May 16, 2010
A plume of oil 10 miles (16km) long, three miles wide and 300ft thick is pouring into the deep waters of the Gulf of Mexico from the ruptured Deepwater Horizon oil rig.
The plume is one of a number that scientists have found gushing into the sea a mile underwater, increasing concerns that the size of the spill could be thousands of times larger than has been previously calculated, according to The New York Times.
“There’s a shocking amount of oil in the deep water, relative to what you see in the surface water,” said Samantha Joye, from the University of Georgia, who is involved in one of the first scientific missions to gather information from the spill. “There’s a tremendous amount of oil in multiple layers, three or four or five layers deep in the water column,” Dr Joye told the newspaper.
After studying footage of the gushing oil scientists on board the research vessel Pelican, which is gathering samples and information about the spill, said that it could be flowing at a rate of 25,000 to 80,000 barrels of oil a day, or 3.4 million gallons a day. The flow rate is currently calculated at 5,000 barrels a day.
The vast amounts of oil pouring from the rig, which exploded on April 20 killing 11 people, is depleting the oxygen in the immediate area, raising fears that it could kill most of the sea life near the plumes. Oxygen levels have already dropped by 30 per cent near some of the plumes.
“If you keep those kinds of rates up, you could draw the oxygen down to very low levels that are dangerous to animals in a couple of months,” she said. “That is alarming.”
News of the plumes came as the Obama Administration increased pressure on BP with a demand for “immediate public clarification” from Tony Hayward, the chief executive, over the company’s intentions about paying the costs associated with the spill. “The public has a right to a clear understanding of BP’s commitment to redress all the damage that has occurred or that will occur in the future as a result of the spill,” said Ken Salazar, the Interior Secretary.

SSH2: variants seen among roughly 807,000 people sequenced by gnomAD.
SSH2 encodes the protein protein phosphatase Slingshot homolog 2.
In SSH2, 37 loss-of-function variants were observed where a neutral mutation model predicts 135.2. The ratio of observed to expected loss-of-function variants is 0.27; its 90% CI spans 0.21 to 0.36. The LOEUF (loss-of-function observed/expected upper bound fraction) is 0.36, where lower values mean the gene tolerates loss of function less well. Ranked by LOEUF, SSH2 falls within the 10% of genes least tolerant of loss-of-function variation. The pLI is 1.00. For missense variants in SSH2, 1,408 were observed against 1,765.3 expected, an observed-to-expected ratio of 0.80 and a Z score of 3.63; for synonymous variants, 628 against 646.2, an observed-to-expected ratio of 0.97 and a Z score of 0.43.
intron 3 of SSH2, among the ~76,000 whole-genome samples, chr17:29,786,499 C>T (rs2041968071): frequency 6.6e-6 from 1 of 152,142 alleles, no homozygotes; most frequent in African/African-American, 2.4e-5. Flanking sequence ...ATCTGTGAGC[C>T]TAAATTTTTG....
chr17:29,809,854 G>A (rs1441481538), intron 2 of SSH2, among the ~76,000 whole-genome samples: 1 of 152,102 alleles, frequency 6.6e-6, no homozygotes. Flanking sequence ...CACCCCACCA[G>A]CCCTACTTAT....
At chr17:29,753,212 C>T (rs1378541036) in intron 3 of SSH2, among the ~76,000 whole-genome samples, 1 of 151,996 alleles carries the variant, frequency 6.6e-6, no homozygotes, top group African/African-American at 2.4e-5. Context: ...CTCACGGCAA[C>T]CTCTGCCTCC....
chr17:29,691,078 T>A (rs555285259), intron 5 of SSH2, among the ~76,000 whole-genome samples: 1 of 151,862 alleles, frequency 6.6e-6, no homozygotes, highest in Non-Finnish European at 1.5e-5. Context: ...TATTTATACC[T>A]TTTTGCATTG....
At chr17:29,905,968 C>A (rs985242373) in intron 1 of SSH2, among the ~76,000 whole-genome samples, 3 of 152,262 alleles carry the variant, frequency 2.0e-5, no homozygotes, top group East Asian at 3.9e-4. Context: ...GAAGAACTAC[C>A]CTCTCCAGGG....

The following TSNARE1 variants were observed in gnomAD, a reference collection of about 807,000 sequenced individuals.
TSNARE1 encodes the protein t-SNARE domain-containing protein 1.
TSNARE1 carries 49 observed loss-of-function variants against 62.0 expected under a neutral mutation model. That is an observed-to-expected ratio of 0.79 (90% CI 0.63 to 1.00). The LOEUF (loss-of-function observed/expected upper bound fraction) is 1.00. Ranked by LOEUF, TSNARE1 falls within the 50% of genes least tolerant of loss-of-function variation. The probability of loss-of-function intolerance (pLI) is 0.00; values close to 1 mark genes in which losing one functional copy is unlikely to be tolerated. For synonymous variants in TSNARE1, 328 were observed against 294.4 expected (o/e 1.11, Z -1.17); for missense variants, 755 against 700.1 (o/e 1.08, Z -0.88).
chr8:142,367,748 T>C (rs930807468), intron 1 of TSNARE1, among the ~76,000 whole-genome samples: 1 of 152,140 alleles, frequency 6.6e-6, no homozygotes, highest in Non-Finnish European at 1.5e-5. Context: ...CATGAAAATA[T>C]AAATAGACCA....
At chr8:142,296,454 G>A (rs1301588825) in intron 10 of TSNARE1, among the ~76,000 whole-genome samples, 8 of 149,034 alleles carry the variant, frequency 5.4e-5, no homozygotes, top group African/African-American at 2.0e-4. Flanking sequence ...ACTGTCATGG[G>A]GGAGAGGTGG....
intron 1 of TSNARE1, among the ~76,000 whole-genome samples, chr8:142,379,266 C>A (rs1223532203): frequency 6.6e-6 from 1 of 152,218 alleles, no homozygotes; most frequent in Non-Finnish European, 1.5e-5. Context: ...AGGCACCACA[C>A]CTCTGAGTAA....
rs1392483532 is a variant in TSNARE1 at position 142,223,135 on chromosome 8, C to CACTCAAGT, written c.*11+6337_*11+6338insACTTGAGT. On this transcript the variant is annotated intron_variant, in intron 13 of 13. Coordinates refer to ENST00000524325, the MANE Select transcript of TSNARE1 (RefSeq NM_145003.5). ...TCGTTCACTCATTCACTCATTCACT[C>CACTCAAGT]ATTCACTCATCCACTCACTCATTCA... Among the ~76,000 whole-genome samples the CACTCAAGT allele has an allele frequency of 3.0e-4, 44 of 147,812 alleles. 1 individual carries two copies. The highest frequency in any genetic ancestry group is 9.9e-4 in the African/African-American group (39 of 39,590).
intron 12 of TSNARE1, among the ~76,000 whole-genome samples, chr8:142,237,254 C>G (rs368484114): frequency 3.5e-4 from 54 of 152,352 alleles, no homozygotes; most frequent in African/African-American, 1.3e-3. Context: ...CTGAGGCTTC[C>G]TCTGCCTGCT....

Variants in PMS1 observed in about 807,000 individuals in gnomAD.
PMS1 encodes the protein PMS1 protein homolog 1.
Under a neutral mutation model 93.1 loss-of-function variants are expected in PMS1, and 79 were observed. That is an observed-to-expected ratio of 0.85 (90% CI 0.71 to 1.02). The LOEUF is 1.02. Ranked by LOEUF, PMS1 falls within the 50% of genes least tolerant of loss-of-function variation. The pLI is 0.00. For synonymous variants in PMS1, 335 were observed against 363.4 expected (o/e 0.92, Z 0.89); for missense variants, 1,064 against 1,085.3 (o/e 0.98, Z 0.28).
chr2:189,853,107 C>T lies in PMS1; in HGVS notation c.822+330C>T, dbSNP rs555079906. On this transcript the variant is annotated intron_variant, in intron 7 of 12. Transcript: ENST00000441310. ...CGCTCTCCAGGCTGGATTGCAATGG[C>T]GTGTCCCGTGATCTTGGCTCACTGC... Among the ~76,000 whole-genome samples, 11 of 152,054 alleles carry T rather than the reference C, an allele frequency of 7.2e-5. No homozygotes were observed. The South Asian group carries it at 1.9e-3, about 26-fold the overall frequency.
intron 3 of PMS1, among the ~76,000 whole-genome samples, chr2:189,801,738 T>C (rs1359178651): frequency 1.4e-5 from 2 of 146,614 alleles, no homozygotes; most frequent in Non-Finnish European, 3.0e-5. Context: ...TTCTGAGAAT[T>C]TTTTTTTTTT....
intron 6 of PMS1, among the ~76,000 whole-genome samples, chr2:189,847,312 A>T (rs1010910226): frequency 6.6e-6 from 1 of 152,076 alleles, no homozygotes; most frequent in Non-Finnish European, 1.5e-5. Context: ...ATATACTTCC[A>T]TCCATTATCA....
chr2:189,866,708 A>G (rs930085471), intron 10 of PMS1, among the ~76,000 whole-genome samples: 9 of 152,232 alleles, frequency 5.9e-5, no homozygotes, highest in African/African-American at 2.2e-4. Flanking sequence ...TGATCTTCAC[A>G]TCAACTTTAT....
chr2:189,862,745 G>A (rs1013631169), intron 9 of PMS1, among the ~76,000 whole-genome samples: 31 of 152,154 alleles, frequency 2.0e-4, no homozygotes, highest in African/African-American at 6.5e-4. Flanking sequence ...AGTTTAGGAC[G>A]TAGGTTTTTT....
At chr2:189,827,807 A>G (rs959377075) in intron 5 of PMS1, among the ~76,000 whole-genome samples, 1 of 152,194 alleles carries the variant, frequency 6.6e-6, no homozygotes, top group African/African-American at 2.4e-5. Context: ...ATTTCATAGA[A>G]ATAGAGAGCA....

The company is still struggling to cap the leaking underwater oil well. Last night they were making a second attempt to insert a mile-long catheter into the leaking pipe by remote control, after a previous attempt to stem the flow by clogging a faulty seabed valve with rubbish hit a snag.
Technicians using joysticks are operating robotic submersibles that will attempt to place a 6in (15cm) wide relief pipe into the remains of a 21in pipe that used to connect the wellhead to the Deepwater Horizon drilling rig on the surface.
The aim is to use the relief pipe to pump a mix of densely packed items such as golf balls, knotted rope and lumps of plastic into the oil well’s blowout preventer — the giant safety device that failed to work when the rig exploded last month.
An earlier attempt to place a containment dome over the leak was abandoned after the freezing temperatures and high underwater pressure caused a build up of mushy ice that blocked the funnel intended to carry the leaking oil to tankers on the surface of the sea.
The company is drilling a relief well that will eventually seal the leak, but that may take up to three months to complete.
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